On March 23, 2012, the Competition Bureau announced its publication of two draft Pre-Merger Notification Interpretation Guidelines for public consultation.
The publications, dubbed Pre-Merger Notification Interpretation Guideline Number 12 and Number 14 relate respectively to the requirement to submit a New Pre-merger Notification and/or ARC Request Where a Proposed Transaction is Subsequently Amended, and Duplication Arising from Transactions Between Affiliates.
Guideline # 12: Amended Transactions
Under the Competition Act, parties to a proposed transaction that exceeds the monetary thresholds set out in sections 109 and 110 are required under section 14 to notify the Commissioner and supply the Bureau with information prescribed by the Regulations.
In situations where a proposed transaction is amended after the parties have notified the Bureau and/or submitted an ARC request to the Commissioner, the Bureau may require a new notification or ARC to be submitted to reflect the changes made to the transaction. The new draft Interpretation Guideline No. 12 is intended to clarify the Bureau's policy with respect to such revised notifications/ARC requests. In particular, the Guideline states that the Bureau will take the following considerations into account prior to requesting a new notification and/or ARC request in circumstances where a proposed transaction has been amended:
- The correctness of the information contained in the notification in respect of the amendments made to the proposed transaction; and
- Whether the amendments to the proposed transaction that is the subject of the ARC request will result in the Bureau having to conduct a more in-depth or revised competitive effects analysis.
Interpretation Guideline # 12 describes certain amendments to a transaction and the likelihood that a revised notification and/or ARC request will be required:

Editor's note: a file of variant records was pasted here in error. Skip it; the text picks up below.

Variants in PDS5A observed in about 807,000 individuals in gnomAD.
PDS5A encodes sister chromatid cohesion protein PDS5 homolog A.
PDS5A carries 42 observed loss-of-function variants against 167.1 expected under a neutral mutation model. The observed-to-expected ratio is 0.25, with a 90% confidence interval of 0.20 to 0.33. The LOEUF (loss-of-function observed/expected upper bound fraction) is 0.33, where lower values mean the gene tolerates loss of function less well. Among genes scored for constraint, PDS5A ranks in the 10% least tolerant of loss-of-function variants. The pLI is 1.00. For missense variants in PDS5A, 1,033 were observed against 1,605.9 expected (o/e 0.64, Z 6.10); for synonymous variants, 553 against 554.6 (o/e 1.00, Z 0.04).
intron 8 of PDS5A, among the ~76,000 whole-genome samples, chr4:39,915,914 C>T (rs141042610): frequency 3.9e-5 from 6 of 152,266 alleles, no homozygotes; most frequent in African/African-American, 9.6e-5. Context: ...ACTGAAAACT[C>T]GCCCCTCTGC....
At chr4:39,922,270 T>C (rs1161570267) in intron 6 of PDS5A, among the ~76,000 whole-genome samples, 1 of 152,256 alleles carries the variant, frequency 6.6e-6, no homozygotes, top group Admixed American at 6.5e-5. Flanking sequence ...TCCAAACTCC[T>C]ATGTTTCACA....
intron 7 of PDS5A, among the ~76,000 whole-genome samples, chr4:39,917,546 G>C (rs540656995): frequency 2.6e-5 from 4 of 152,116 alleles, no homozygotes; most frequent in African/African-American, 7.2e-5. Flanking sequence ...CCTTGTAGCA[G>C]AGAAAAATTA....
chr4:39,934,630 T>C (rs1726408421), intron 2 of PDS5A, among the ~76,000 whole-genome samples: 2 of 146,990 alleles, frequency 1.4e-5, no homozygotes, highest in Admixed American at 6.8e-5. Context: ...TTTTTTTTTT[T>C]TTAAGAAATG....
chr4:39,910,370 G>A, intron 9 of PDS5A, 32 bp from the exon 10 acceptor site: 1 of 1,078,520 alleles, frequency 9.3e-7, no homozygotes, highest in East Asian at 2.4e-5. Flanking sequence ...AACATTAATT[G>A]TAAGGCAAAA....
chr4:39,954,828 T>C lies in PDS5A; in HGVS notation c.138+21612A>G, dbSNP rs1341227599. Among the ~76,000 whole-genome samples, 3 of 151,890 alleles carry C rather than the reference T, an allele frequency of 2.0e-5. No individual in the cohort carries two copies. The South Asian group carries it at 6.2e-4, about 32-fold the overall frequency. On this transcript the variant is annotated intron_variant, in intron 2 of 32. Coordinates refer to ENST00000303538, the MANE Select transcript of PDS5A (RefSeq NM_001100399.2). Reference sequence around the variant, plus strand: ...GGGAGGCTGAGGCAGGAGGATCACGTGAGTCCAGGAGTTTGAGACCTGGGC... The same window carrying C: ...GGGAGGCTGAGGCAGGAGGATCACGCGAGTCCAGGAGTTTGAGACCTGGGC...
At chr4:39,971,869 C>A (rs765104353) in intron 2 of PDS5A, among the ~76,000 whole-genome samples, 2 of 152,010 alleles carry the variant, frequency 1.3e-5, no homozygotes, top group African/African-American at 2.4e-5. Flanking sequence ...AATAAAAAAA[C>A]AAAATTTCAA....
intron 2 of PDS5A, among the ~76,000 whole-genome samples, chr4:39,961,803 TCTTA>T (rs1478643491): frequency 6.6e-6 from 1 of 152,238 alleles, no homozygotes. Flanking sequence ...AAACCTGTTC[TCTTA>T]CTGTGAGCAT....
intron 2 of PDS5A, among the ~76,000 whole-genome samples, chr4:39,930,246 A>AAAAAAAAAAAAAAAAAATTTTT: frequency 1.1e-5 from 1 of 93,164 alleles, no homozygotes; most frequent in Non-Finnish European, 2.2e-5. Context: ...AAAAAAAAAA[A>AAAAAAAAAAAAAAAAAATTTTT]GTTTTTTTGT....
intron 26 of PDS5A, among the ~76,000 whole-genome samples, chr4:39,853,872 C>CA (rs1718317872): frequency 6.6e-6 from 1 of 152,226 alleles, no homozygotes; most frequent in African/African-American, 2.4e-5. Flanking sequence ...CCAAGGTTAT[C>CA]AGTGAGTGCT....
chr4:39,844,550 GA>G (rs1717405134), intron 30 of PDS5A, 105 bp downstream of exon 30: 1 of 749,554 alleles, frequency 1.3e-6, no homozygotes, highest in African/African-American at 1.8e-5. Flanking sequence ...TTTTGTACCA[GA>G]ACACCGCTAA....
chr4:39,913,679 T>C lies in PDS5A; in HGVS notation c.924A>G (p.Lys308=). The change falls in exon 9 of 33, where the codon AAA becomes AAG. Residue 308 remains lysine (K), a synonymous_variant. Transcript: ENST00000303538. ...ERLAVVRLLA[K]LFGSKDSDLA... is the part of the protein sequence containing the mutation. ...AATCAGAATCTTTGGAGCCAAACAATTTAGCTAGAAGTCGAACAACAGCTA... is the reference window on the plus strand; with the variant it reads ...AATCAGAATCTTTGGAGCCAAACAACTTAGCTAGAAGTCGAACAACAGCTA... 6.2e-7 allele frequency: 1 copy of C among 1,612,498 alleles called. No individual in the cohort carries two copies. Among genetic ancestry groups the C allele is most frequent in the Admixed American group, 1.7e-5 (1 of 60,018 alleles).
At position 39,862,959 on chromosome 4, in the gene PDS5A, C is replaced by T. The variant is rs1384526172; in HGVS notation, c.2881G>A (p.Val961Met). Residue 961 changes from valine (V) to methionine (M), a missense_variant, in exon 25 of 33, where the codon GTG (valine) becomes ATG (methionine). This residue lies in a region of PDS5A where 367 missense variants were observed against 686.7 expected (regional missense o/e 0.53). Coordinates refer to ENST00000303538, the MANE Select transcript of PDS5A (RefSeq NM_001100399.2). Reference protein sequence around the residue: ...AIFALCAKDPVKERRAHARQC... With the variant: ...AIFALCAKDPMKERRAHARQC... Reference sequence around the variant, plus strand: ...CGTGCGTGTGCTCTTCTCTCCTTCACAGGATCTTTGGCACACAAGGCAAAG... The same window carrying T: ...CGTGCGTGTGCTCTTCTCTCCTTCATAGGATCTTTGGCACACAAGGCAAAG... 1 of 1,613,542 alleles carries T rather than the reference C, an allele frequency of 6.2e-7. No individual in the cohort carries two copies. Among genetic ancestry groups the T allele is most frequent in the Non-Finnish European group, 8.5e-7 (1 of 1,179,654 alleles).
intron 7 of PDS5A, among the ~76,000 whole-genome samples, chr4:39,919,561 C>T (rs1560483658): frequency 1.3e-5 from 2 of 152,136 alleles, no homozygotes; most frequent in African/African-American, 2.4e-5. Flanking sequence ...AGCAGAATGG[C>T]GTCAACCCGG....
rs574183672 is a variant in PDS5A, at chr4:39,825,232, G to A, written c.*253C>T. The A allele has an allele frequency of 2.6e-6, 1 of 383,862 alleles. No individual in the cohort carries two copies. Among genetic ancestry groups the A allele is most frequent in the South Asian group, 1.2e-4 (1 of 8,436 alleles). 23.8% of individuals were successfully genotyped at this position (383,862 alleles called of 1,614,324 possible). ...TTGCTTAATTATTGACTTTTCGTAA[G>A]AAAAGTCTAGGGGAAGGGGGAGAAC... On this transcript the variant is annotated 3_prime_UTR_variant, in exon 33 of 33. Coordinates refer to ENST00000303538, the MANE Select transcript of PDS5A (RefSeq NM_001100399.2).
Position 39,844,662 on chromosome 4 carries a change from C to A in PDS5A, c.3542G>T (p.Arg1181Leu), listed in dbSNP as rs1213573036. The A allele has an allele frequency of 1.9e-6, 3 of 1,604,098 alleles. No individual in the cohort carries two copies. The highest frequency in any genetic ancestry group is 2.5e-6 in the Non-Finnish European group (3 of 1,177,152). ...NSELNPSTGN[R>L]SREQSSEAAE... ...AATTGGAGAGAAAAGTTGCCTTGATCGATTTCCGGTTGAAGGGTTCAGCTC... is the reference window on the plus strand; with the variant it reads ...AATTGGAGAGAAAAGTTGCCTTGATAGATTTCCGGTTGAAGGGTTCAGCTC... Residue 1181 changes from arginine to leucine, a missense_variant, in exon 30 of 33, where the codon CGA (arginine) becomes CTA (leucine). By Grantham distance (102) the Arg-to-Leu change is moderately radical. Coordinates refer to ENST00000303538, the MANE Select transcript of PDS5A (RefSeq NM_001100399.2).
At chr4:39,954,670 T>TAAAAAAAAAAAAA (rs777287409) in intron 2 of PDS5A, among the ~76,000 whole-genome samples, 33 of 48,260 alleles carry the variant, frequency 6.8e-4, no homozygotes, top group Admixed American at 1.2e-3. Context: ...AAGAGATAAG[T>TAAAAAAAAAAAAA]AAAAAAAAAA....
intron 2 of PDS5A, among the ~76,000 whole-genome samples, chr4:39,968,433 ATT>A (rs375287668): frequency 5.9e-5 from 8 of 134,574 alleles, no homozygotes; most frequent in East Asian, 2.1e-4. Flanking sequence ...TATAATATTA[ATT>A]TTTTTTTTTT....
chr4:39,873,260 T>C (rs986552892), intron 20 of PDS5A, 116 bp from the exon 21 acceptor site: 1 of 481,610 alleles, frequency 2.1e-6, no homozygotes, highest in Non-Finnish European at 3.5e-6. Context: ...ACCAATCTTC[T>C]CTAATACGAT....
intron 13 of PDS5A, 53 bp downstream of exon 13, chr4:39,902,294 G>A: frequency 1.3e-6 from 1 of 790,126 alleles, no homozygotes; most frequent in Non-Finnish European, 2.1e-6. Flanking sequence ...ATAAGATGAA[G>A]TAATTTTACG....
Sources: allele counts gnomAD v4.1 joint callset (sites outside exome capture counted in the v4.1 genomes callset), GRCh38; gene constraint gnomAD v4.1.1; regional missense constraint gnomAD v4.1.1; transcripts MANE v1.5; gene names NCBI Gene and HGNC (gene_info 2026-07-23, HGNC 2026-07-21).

- Addition of a New Party: Where a transaction is amended to add a new party, a new notification with the prescribed information for the added party will be required. However, pursuant to subsection 109(2) of the Act, a new vendor in a share transaction is not a "party" to the transaction, and the Guideline also states the Bureau's view that a mere guarantor is also not required to file. New notification will also not be required in cases where an affiliate of a notifying party is added except where there is an addition of a significant affiliate whose information was not supplied, in which case an amended filing will be required (and a new waiting period will commence).
- Addition of a New Asset: Whether adding a new asset to a transaction will require a new notification will depend on whether the information contained in the existing notification will be correct "in all material respects". In cases where the asset being added is ancillary to the existing assets, the information contained in the existing notification may be accurate and the Bureau will not require a new submission, but the Guideline states the view that addition of a material new asset will typically require a new notification. In determining whether an asset is ancillary the Bureau states that it will evaluate both quantitative and qualitative factors, e.g. book value of the added asset, relation to existing assets, and relative size.
- Addition of New Voting Shares or Redistribution of Assets, Voting Shares or Ownership Interests: Normally, any of these amendments will require a new notification in order to ensure material accuracy. However if a party acquiring the additional voting shares was previously acquiring more than a 50% voting interest in the target corporation, a new notification will not be required. In addition, where an amendment is made such that an existing party acquires less than an additional 5% of the voting interests of the target, a new notification will not be required unless the additional acquisition will trigger the subsection 110(3) threshold (each of 20% and 50% for public corporations, or 35% and 50% for privately-held corporations or non-corporate entities).